In October 2000 there was a ruckus in the archaeological community when it was announced that a mummy, alleged to be that of a Persian princess, had been found in Pakistan. Wrapped in the manner of an Egyptian mummy, an inscription on her death mask identified her as a daughter of the Persian king Xerxes I (reigned 485-465 BCE).
Suspicions were raised initially because the Persians were not known to have practiced mummification, although some argued she might have been a Egyptian married to a Persian prince. Further investigation revealed she was in fact a modern woman, no more than twenty-one years old, dead no more than two years and possibly a murder victim. As of 2008, she remained unidentified and unburied, that last thanks to the proverbial red tape.
Her sad story reminds me of one told for true about a similar crime committed in 1890s Dresden, Germany—of another faked mummy. The story was told by Michael and Mollie Hardwick in John Canning’s compilation 50 GREAT HORROR STORIES (1971).
One of Dresden’s best known museums is the Albertinum, built in 1887-1889, all but destroyed in the February 1945 firebombing of the city, restored after the war and undergoing renovation since 2006. In 1894 the director—according to the Hardwicks—received a letter from a Professor Schulze, who offered the museum an mummy which had come into his possession under circumstances he refused to reveal. Schulze had previously sold the museum an authentic papyrus, so the director and his assistant decided to take a look at the mummy.
She was, to put it bluntly, perfect—on first glance. Schulze identified her as a Princess Notokris, a daughter of the first pharaoh of the twenty-sixth dynasty. The director had the mummy looked over by the museum’s Egyptian expert, who pronounced her genuine, and though Dr. Schulze asked a steep price, the museum purchased her.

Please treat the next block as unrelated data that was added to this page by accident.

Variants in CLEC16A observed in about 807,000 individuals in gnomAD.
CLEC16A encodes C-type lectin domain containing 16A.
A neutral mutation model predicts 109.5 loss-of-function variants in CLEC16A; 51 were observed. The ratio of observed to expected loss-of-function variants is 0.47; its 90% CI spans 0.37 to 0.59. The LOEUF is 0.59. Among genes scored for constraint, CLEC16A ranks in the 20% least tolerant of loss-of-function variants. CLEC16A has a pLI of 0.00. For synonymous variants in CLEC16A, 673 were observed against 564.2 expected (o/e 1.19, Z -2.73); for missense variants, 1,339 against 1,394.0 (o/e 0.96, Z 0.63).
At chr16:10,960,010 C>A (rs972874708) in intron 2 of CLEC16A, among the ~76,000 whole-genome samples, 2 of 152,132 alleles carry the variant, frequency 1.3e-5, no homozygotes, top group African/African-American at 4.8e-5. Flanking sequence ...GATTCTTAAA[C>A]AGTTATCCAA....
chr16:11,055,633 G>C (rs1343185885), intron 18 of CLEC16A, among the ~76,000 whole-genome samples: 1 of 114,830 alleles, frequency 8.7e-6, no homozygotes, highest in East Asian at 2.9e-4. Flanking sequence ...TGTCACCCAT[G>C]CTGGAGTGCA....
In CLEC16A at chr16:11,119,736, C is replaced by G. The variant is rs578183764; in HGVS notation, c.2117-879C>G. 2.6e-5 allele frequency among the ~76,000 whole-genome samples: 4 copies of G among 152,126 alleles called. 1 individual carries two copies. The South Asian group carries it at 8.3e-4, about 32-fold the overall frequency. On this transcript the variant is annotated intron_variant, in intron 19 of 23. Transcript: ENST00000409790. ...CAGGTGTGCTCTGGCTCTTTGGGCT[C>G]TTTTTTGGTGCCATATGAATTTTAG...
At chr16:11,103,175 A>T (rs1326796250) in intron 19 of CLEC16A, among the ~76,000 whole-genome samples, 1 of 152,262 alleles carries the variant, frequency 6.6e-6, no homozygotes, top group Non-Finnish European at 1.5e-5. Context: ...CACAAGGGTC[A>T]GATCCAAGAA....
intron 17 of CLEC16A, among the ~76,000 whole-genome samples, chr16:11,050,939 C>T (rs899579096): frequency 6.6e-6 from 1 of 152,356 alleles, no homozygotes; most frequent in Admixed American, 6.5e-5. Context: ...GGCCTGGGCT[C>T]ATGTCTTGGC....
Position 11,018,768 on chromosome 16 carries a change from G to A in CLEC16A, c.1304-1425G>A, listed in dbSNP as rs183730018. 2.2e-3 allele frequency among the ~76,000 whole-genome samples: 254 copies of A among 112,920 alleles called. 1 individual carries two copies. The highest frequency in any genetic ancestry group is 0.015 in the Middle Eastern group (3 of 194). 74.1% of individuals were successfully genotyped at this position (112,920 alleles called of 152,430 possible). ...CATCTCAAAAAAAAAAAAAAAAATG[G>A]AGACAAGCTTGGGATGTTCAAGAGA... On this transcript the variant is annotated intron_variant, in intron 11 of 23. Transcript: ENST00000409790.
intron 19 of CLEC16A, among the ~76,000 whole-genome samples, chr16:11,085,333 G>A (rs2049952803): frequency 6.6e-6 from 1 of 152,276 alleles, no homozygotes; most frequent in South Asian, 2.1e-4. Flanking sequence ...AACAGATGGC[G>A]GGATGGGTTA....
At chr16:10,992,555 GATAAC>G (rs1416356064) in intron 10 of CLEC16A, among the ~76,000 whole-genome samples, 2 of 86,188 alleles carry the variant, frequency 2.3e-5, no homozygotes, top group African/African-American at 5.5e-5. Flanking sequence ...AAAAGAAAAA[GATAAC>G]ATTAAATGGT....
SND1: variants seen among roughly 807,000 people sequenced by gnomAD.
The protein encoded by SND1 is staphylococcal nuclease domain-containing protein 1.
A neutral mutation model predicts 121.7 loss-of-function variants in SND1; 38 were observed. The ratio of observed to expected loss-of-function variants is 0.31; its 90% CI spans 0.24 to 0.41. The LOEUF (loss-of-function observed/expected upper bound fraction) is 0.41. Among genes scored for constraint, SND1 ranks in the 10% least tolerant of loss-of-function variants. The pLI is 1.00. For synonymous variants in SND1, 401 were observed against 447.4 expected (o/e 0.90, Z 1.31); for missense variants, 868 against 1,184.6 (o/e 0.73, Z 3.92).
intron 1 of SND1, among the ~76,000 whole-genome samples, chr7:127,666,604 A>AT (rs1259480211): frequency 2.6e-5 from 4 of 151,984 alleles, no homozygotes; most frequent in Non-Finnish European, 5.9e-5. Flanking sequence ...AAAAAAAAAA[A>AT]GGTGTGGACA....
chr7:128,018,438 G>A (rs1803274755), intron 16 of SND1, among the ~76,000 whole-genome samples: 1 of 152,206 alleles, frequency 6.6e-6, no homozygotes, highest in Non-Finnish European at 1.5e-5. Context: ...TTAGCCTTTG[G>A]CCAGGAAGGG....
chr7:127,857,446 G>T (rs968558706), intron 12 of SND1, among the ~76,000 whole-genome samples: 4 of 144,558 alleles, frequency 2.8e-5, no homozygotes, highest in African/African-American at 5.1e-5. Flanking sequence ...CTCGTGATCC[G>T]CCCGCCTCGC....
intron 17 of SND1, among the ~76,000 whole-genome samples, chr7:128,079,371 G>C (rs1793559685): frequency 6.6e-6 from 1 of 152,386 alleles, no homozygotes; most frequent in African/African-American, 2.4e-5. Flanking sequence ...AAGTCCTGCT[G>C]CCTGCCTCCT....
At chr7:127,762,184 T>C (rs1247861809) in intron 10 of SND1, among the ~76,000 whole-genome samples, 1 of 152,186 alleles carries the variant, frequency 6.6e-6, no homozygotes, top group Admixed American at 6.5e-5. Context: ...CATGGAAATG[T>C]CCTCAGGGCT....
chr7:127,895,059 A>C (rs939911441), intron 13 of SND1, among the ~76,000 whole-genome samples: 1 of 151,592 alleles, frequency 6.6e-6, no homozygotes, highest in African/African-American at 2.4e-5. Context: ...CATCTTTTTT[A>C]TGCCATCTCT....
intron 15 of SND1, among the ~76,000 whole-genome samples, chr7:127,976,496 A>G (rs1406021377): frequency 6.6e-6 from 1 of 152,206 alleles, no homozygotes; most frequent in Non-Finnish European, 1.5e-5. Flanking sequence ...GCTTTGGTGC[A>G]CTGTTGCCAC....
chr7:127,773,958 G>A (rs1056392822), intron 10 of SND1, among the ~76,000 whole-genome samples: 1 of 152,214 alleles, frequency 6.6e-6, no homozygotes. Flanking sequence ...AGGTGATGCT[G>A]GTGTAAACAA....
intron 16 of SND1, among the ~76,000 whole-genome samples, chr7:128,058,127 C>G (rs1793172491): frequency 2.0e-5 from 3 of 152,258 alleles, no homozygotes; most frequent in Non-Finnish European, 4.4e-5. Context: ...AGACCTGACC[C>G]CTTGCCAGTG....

And then the trouble began.
The first to see a ghostly woman flitting by the Egyptian Gallery was a cleaning lady, and then a night watchman. The director’s assistant also saw her. His description of the woman—young, thin and dressed in a hooded cloak, prompted the director’s sensible wife to point out that a mummy’s ghost surely would not appear wearing a nineteenth century garment. She also pointed out that an exorcism might be in order. Meanwhile, the cleaning ladies began to complain of a foul odor, and searched for dead rats to no avail.
An exorcism was performed by a local Lutheran pastor, but it didn’t work. No sooner was the ritual completed than the director, alone in his office, was confronted by the ghost. She was accompanied by the smell of rotting flesh.
The next day, the Egyptian mummy of which the museum was so proud was examined more closely than she had been before her purchase. Far from being an ancient Egyptian, she was unmistakeably German, dead for weeks rather than centuries. An attempt had been made to mummify her by something like Egyptian methods, but had obviously failed.
A manhunt for Dr. Schulze—who had visited the museum a day or two earlier and noticed the stench in the air—traced him, after some months, to Prague, the capital city of the Czech Republic (in 1894 part of the Austro-Hungarian Empire). He was arrested and returned to Dresden to be tried for murder. He never revealed the name of his victim; she was thought to be a young prostitute whom he lured to his room and killed.
The Hardwicks say that before he was executed he was asked one last time to give up his victim’s name, but he refused. He would say only that she had been nothing, and he had made a princess out of her. He was, he asserted, a god.
Not hardly, in that blunt double negative so beloved of hillbillies. Gods don’t die on the end of a rope.